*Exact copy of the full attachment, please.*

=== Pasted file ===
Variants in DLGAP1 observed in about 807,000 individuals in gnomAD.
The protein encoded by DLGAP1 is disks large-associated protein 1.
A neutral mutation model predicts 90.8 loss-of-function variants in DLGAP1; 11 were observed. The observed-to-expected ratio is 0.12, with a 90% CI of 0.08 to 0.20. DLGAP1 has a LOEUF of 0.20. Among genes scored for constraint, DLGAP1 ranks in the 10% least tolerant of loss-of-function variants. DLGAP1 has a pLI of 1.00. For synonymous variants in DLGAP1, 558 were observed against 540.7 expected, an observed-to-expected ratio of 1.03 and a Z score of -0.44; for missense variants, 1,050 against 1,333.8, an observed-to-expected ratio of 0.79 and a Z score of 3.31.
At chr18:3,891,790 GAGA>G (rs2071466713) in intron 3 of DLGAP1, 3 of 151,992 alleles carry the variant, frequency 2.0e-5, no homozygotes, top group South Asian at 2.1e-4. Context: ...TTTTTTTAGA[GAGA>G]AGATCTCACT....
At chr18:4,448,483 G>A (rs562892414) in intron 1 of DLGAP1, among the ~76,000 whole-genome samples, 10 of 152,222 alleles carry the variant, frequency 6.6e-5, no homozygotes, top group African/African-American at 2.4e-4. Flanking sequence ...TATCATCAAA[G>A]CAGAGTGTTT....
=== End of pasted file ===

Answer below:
Variants in DLGAP1 observed in about 807,000 individuals in gnomAD.
The protein encoded by DLGAP1 is disks large-associated protein 1.
A neutral mutation model predicts 90.8 loss-of-function variants in DLGAP1; 11 were observed. The observed-to-expected ratio is 0.12, with a 90% CI of 0.08 to 0.20. DLGAP1 has a LOEUF of 0.20. Among genes scored for constraint, DLGAP1 ranks in the 10% least tolerant of loss-of-function variants. DLGAP1 has a pLI of 1.00. For synonymous variants in DLGAP1, 558 were observed against 540.7 expected, an observed-to-expected ratio of 1.03 and a Z score of -0.44; for missense variants, 1,050 against 1,333.8, an observed-to-expected ratio of 0.79 and a Z score of 3.31.
At chr18:3,891,790 GAGA>G (rs2071466713) in intron 3 of DLGAP1, 3 of 151,992 alleles carry the variant, frequency 2.0e-5, no homozygotes, top group South Asian at 2.1e-4. Context: ...TTTTTTTAGA[GAGA>G]AGATCTCACT....
At chr18:4,448,483 G>A (rs562892414) in intron 1 of DLGAP1, among the ~76,000 whole-genome samples, 10 of 152,222 alleles carry the variant, frequency 6.6e-5, no homozygotes, top group African/African-American at 2.4e-4. Flanking sequence ...TATCATCAAA[G>A]CAGAGTGTTT....